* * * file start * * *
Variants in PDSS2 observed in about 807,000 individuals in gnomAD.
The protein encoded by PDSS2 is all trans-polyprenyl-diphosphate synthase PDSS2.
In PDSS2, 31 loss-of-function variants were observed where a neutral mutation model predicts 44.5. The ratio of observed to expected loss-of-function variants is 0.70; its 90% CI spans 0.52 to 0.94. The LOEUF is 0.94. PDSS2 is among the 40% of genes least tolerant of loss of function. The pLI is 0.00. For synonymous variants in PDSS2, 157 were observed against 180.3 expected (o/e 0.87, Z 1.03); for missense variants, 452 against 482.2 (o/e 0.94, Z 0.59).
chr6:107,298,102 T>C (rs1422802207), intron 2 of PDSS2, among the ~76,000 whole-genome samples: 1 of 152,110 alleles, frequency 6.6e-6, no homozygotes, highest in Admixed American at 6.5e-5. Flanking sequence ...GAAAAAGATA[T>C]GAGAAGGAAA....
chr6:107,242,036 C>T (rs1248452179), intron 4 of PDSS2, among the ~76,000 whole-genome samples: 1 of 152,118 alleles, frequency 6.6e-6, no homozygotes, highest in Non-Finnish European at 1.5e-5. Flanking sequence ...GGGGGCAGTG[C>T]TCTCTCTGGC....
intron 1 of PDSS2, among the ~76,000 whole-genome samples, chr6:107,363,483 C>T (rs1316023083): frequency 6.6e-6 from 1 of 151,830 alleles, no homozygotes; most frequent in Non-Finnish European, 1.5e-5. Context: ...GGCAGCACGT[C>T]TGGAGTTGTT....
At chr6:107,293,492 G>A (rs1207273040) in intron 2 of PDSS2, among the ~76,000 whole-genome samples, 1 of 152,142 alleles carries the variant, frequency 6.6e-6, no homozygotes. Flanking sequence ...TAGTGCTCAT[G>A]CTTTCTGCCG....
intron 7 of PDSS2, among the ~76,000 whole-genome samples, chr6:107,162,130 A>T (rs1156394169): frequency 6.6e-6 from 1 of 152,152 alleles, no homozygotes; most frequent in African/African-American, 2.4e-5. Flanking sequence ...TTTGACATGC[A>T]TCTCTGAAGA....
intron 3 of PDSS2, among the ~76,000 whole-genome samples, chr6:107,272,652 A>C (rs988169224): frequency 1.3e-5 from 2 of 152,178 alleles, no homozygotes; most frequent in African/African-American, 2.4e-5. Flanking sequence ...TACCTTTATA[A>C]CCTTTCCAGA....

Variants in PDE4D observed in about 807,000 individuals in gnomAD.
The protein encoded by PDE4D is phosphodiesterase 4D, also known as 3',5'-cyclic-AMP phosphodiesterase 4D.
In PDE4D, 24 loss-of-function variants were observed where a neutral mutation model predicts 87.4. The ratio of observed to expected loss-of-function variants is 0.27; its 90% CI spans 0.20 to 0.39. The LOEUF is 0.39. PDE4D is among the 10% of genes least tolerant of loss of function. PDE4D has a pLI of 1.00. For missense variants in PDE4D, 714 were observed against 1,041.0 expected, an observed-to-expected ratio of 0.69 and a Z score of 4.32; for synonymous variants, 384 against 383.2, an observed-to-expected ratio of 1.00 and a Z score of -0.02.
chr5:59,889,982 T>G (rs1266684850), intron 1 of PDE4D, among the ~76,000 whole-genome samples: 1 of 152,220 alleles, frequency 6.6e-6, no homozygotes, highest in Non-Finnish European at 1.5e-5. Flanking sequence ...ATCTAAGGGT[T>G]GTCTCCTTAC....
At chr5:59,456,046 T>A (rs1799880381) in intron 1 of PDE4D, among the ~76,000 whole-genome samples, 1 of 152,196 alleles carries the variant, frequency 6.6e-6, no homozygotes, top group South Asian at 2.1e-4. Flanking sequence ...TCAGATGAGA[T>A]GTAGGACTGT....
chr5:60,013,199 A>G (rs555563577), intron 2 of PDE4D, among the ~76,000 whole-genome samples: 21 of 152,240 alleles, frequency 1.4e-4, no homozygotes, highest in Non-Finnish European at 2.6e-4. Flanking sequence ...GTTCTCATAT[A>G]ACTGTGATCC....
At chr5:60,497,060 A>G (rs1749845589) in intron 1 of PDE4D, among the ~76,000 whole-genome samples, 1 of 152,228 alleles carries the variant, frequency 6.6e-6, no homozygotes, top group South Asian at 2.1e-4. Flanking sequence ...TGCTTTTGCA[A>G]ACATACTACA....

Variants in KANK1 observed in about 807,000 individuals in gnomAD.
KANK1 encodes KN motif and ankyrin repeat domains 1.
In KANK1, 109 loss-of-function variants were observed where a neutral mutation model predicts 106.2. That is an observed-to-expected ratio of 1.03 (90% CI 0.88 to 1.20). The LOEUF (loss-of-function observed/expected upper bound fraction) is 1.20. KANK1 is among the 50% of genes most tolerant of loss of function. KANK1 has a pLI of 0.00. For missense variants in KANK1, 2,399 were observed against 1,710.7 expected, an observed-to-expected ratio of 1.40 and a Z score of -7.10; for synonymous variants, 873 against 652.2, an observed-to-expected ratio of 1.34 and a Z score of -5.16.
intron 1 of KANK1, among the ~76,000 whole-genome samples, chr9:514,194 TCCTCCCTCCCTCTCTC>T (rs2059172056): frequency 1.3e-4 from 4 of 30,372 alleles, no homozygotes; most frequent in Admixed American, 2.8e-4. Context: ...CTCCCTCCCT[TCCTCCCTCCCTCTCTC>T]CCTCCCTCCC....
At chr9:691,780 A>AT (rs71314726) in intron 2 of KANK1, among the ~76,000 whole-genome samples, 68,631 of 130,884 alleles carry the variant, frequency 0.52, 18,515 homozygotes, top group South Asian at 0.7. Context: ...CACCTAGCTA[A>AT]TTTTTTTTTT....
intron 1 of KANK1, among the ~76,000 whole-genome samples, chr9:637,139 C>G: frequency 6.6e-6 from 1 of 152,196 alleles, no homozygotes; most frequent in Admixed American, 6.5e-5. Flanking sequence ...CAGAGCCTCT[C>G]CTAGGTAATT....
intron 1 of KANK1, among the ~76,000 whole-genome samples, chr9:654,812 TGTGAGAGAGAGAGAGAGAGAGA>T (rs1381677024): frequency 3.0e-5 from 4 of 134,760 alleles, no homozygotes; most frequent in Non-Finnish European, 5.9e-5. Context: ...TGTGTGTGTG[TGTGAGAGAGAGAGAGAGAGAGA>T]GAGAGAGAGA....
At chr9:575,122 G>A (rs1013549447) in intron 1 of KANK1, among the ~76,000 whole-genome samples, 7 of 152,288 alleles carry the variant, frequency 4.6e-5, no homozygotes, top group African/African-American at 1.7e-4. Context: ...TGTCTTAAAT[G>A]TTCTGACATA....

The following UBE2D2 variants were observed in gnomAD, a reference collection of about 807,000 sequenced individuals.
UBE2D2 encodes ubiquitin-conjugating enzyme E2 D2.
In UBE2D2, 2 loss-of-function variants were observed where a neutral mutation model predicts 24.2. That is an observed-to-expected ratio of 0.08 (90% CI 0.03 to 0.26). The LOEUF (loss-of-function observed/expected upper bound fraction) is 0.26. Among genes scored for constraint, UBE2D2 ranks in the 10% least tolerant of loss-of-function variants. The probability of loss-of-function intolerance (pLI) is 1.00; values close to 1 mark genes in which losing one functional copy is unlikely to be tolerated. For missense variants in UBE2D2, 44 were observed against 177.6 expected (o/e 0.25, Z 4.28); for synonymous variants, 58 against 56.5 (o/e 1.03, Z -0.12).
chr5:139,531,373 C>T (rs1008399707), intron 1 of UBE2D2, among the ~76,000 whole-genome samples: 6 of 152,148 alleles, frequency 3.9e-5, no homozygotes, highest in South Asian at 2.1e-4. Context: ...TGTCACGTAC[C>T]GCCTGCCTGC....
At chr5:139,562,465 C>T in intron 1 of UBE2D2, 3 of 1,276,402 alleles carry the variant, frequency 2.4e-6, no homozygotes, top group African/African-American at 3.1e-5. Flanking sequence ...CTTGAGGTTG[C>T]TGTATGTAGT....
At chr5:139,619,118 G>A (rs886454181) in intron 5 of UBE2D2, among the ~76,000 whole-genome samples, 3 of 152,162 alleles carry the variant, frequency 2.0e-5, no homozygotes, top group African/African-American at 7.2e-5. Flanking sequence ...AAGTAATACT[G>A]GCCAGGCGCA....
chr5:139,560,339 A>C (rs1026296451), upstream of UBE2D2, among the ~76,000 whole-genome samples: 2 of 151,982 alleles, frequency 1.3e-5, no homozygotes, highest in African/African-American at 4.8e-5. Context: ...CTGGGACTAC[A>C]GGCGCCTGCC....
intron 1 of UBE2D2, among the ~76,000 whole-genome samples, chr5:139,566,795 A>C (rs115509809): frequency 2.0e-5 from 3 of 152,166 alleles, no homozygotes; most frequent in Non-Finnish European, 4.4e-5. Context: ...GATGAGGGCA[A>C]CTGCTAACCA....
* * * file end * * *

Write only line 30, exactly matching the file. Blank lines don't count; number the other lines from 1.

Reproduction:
At chr5:139,619,118 G>A (rs886454181) in intron 5 of UBE2D2, among the ~76,000 whole-genome samples, 3 of 152,162 alleles carry the variant, frequency 2.0e-5, no homozygotes, top group African/African-American at 7.2e-5. Flanking sequence ...AAGTAATACT[G>A]GCCAGGCGCA....